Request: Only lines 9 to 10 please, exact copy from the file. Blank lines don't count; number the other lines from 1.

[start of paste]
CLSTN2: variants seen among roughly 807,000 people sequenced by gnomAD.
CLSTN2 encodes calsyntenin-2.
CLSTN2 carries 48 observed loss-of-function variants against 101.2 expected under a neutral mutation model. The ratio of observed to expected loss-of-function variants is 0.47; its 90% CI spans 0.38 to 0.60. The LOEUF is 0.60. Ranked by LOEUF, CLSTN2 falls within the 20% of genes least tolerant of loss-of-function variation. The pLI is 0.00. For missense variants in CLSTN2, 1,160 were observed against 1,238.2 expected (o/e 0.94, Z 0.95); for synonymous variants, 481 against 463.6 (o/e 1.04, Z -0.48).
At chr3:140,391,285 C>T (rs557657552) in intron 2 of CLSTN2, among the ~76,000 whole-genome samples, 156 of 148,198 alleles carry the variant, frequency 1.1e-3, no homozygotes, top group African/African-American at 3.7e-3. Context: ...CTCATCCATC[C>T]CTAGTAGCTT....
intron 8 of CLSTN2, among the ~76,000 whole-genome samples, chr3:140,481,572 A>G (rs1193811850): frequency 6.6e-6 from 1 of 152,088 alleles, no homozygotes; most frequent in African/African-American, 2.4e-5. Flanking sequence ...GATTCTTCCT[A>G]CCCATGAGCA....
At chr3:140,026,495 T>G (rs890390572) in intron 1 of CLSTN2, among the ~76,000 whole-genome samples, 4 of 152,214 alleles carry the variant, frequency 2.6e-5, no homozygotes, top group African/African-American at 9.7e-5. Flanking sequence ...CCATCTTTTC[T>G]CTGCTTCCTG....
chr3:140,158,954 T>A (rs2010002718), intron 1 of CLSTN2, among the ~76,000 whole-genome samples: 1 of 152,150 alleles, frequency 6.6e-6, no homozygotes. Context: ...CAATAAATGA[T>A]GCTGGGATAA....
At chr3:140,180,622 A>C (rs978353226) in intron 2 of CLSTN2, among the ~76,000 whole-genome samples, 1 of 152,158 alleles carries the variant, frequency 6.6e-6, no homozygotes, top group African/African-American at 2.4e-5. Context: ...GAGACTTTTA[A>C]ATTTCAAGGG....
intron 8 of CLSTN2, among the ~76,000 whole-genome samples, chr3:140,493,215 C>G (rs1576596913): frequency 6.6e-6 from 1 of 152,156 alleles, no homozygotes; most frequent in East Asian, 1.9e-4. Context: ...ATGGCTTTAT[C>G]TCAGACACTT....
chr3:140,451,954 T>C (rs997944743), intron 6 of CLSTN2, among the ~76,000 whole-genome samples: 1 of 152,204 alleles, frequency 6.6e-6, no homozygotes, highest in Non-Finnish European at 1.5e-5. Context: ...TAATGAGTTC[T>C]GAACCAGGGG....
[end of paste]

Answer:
intron 8 of CLSTN2, among the ~76,000 whole-genome samples, chr3:140,493,215 C>G (rs1576596913): frequency 6.6e-6 from 1 of 152,156 alleles, no homozygotes; most frequent in East Asian, 1.9e-4. Context: ...ATGGCTTTAT[C>G]TCAGACACTT....
chr3:140,451,954 T>C (rs997944743), intron 6 of CLSTN2, among the ~76,000 whole-genome samples: 1 of 152,204 alleles, frequency 6.6e-6, no homozygotes, highest in Non-Finnish European at 1.5e-5. Context: ...TAATGAGTTC[T>C]GAACCAGGGG....